Many local parks are on track to beat previous yearly visitation totals. In Maryland, the state park system had already seen 13.1 million visitors by mid-August — closing in fast on the 14.8 million visitor figure for all of 2019. In Virginia, Baker said visitation is up 2.6% overall compared to last year — despite a very sluggish April, which was 14% below 2019 visitor rates. And in Shenandoah National Park, visitation was up 38% this July compared to July 2019.
Monthly visits to Maryland state parks are up in 2020.
Shenandoah spokeswoman Claire Comer noted the park's busiest month — October — is still ahead; it typically brings in about 24% of the park's yearly visitor totals.
But crowds can pose a threat to the delicate ecosystems to parks like Shenandoah that the National Park Service is tasked with protecting. Comer lists a number of issues the park has been confronting as more people discover it: campfires in picnic areas left burning, trash not appropriately packed out, dog poop left in bags tied to trees or at trailheads, and abandoned charcoal grills (which violate Shenandoah's rule against open fires outside of park-provided fire rings or grills). Several other Virginia state parks have experienced similar damage during the pandemic.
Budgetary concerns have prevented Shenandoah from hiring additional staff to deal with the pandemic influx of visitors, Comer said, so the park is counting on visitors to do their part and follow the rules.
Some areas of Shenandoah are bursting with people, too. Comer said already-popular hikes at Old Rag, White Oak Canyon, Dark Hollow Falls, Hawksbill, Bearfence, and Mary's Rock are all heavily trafficked these days. A few weekends ago, Comer said, every parking lot at the Old Rag trailhead was full before 9 a.m.
"Even if you found a place to hike, is that really the experience you want on Old Rag, if you're going to stand in line for two hours to get through the chute? That's just, you know, that's not a fun day," she said.
Comer strongly encourages Shenandoah visitors to plan their trips ahead of time to explore parts of the park outside of the popular central section. Visitors, she said, can use the information on the park's app and website, where they can also buy park passes to cut down on interactions with rangers at park entrances.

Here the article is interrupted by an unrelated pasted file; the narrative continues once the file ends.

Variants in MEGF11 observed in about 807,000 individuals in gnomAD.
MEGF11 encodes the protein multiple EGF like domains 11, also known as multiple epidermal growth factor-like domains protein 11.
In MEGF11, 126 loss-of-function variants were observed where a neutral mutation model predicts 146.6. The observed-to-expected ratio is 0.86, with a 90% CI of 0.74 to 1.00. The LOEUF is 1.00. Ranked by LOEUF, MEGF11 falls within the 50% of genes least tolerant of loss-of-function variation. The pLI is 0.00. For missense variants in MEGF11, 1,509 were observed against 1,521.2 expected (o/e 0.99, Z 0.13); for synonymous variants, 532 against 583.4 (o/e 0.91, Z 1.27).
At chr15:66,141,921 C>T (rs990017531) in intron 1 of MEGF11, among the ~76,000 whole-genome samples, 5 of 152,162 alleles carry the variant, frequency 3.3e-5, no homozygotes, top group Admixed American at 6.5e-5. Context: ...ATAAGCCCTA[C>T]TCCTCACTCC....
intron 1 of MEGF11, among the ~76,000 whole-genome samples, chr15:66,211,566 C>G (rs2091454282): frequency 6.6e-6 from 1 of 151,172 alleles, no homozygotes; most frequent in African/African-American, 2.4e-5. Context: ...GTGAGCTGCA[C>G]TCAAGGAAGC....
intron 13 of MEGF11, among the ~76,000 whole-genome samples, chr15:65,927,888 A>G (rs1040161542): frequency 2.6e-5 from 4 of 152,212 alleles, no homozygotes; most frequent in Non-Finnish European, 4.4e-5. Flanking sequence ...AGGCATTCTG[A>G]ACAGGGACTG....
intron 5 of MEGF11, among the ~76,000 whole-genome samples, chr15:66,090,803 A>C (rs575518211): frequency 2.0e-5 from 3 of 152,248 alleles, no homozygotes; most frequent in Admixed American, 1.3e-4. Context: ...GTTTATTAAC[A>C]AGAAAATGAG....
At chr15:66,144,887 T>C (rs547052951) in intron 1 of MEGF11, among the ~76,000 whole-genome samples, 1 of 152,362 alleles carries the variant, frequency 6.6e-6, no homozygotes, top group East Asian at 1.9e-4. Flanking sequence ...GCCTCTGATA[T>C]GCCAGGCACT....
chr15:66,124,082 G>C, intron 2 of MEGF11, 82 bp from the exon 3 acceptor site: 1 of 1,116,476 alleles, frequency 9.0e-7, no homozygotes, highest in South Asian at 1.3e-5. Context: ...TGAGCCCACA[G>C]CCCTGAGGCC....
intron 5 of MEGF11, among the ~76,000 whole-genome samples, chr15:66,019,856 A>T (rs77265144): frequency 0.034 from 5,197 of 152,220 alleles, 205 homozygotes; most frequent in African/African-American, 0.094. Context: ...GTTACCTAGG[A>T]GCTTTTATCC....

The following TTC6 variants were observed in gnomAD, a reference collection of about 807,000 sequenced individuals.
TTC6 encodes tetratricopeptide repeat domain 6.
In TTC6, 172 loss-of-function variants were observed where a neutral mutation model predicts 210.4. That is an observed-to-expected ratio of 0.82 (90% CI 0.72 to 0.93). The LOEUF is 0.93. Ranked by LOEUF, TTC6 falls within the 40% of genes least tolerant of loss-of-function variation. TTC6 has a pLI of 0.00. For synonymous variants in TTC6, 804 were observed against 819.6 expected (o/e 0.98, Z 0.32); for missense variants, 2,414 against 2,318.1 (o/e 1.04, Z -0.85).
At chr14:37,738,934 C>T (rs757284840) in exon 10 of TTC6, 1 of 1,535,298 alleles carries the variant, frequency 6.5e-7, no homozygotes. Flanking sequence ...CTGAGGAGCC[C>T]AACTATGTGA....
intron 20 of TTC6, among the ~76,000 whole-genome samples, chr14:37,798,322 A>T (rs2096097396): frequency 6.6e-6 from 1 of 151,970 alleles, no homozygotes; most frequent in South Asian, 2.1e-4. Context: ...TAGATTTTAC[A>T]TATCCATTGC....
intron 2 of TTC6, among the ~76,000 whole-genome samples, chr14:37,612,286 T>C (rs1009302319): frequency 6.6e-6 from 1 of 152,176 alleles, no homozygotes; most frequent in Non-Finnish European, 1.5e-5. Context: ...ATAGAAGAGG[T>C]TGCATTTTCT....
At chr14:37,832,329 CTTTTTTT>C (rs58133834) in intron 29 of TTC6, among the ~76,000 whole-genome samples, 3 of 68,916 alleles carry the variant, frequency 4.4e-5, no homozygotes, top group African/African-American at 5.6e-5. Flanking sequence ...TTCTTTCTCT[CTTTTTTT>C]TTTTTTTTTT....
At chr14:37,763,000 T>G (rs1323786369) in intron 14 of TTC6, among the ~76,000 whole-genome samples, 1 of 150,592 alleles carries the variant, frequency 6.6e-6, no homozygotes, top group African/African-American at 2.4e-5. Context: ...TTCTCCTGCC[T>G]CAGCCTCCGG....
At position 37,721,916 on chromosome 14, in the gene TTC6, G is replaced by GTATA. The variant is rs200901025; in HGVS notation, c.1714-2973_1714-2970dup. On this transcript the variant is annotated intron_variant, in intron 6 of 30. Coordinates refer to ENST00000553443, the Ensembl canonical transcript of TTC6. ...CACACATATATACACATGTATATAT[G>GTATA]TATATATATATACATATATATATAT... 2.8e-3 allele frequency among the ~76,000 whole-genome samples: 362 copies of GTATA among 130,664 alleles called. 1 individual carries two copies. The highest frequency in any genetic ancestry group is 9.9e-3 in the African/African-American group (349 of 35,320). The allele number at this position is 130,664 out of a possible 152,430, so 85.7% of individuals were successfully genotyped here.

Recreational visits to Shenandoah National Park in 2020, compared with 2018 and 2019.
Addressing Unequal Access To Parks
Early on in the pandemic, officials closed roads in parks to traffic and opened them to recreation. That move included Beach Drive in Rock Creek Park and roads in Anacostia Park and Fort Dupont Park in Southeast D.C. While Beach Drive is still closed until Oct. 9, the roads in the Southeast parks have reopened to cars in June, according to residents who have expressed consternation.
A Twitter conversation among D.C. residents also pointed out the disparity between recreational options in Rock Creek in the wealthier, whiter part of D.C., and the Arboretum in the lower-income area of Northeast, which is gated and has limited hours. While Rock Creek is operated by the National Park Service, the Arboretum is run by the U.S. Department of Agriculture as a research facility, but it does double as an outdoor escape for many locals.
Just like housing and transportation have a segregated past, so too, does park land and other recreational activity. A large part of the history of national parks came after the Industrial Revolution when affluent residents sought a beautiful scenery to escape from the city, according to Joel Pannell, associate director of the Sierra Club's "Outdoors For All" campaign. That campaign aims to make the outdoors safe, inclusive and welcoming for all people — especially for people who historically haven't had access, Pannell said.
"Cities like D.C., people like to talk about gentrification and displacement and it's true," Pannell said. "People of color and low-income people have historically been isolated and concentrated in specific areas, often with less tree canopy compared to say affluent Northwest areas."
A Trust for Public Land analysis indicates that while 98% of D.C. residents have a park within a 10-minute walk of their homes, the few areas in the city that have less access to public parks are mostly in neighborhoods in Northeast and Southeast D.C. Many are in Ward 8, the lowest-income ward in the District. Ward 8 is 92% Black.
And being able to walk to a public park doesn't mean the park has well-kept trails or good facilities for community use. A nonprofit called Ward 8 Woods is trying to clean up and maintain the ward's 500 acres of public land, according to founder Nathan Harrington.
The state of access and maintenance varies wildly across those 500 acres, which are owned by either the National Park Service or the D.C. government, Harrington said.
"Some of it is incredibly pristine. You get out there and you feel like you're in Shenandoah," he said. "Other places are unbelievably polluted. It's supposed to be federal park land, but it's basically an unofficial dump."
Ward 8's parks — including Fort Stanton Park and the woods along Oxon Run Parkway, Shepherd Parkway and Suitland Parkway — feature Civil War fortifications, rare plant species not found anywhere else in the District, and views that take in the whole city, according to Harrington.